THE YEAR THEY GOT MATT – Parody of The Year of the Cat

posted in: NEWEST, Parody, Political Parody | 2

A parody of The Year of the Cat by Al Stewart
Parody written by David Cohen and Performeed by Don Caron
Executive Producer Jerry Pender


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by David Cohen

On a morning from his desk in Congress
Using keystrokes that will prove he’s slime
He went prowling on the Web like Jeffrey Epstein
Perpetrating a crime

He came out overdone with his big mouth running
Claiming innocence, he could not feign
And offered up some explanations
but they all seemed inane
In the year they got Matt

The Feds will ask him lots of questions
Do his answers lock up with theirs?
Then his life will take a turn but which direction?
bravado disappears

When his defense stalls and he puts up walls
But the evidence still sticks like glue
Those days, he’ll say, “I see my life
Just like a nightmare coming true”
The year they got Matt

Well, the Judge speaks to him sharply
As his eyes fill like dark tides in the sea
He’ll come with hand cuffs which hold firmly
As they take him, to find what’s waiting inside
The year they got Matt

Each morning comes and he’s still in there
All his freedoms and dignity gone
‘Cause they’ve stripped away his rights and punched his ticket
So, he has to stay on

While the sordid stains of his life remain
In the rhythm of the day to day
He prays someday, unbound, he’ll leave there
But that’s not for him to say
In the year they got Matt
The year they got Matt

The Year of the Cat – Al Stewart

“Year of the Cat” is a song by British singer-songwriter Al Stewart, released as a single in July 1976 in the UK (October 1976 in the U.S.). The song is the title track of his 1976 album Year of the Cat, and was recorded at Abbey Road Studios, London, in January 1976 by engineer Alan Parsons. The song reached number 8 on the Billboard Hot 100 in March 1977. Although Stewart’s highest charting single on that chart was 1978’s “Time Passages”,[3] “Year of the Cat” has remained Stewart’s signature recording, receiving regular airplay on both classic rock and folk rock stations.

Co-written by Peter Wood, “Year of the Cat” is a narrative song written in the second person whose protagonist, a tourist, is visiting an exotic market when a mysterious silk-clad woman appears and takes him away for a gauzy romantic adventure. On waking the next day beside her, the tourist notes that his tour bus has left without him, and decides to stay where he is for the time being.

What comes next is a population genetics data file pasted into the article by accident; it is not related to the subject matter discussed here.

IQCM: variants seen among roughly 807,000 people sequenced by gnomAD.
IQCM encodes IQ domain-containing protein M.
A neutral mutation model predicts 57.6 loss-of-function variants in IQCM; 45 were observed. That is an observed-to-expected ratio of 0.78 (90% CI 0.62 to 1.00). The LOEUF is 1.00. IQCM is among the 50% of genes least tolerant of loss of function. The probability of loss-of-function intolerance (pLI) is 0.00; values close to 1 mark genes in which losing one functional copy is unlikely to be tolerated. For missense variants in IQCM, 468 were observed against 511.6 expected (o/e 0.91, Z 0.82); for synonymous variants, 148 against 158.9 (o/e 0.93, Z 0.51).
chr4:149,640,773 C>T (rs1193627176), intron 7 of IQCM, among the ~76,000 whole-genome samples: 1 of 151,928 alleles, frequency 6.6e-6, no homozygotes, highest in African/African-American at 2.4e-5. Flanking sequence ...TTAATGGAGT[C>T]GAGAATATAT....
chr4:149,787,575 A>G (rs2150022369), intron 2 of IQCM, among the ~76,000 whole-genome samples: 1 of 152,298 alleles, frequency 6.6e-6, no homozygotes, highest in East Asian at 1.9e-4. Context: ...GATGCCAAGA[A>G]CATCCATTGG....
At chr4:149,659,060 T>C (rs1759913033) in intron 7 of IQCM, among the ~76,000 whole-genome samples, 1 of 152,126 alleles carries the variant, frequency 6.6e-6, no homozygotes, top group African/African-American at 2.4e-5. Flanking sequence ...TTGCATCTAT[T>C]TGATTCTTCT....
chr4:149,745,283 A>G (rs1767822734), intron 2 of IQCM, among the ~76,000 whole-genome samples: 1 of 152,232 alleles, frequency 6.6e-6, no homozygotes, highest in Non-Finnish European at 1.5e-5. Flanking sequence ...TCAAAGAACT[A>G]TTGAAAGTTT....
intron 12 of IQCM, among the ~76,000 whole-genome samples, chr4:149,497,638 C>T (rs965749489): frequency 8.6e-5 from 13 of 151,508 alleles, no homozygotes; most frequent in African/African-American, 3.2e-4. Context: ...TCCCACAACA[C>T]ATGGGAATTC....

The Cat is one of the twelve signs of the Vietnamese zodiac. It corresponds to the year of the Rabbit in the Chinese zodiac. At the time of the song’s release, the most recent Year of the Rabbit had been 11 February 1975 to 30 January 1976; thus, the song was written and recorded in the Vietnamese Year of the Cat.

The song began as “Foot of the Stage”, a song written by Stewart in 1966 after seeing a performance by comedian Tony Hancock whose patter about “being a complete loser” who might as well “end it all right here” drew laughs from the audience: Stewart’s intuitive response that Hancock was in genuine despair led to the writing of “Foot of the Stage”. It was the melody for this never-recorded song to which Stewart set the lyrics of “Year of the Cat” in 1975. Pianist Peter Wood was given a co-writing credit on the song. Stewart explained Wood’s involvement in the creation of “Year of the Cat” during a concert in Edmonds, Washington in November 2017. He recalled that he was opening for Linda Ronstadt during a 1975 tour of the United States and receiving a decidedly mixed reaction from audiences when he noticed the pianist (presumably Wood) using a catchy chord progression during sound checks. Stewart asked if he could add words to the notes, but the pianist said no. Stewart incorporated the notes into the melodic line of “The Year of the Cat” anyway.

The track is noted for its lengthy instrumental sections—over four minutes of the 6:40 album version is instrumental, including a long, melodic series of solos that encompass cello, violin, piano, acoustic guitar, distorted electric guitar, synthesizer and saxophone. Tim Renwick plays both the acoustic lead and electric lead and George Ford plays bass. Parsons had Phil Kenzie add the saxophone part of the song—and by doing so transformed the original folk concept into the jazz-influenced ballad that put Al Stewart onto the charts.

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2 Responses

  1. Katherine Lake

    I see nothing to moderate in this post.

  2. Katherine Lake

    Very disappointing video. Jangling musical accompaniment obscured the lyrics almost completely. Lyrics are the reason for the parody! What happened, Don? I’ve followed you for years and this is the first time I had to read the lyrics to get them. I usually read them to appreciate the poetry.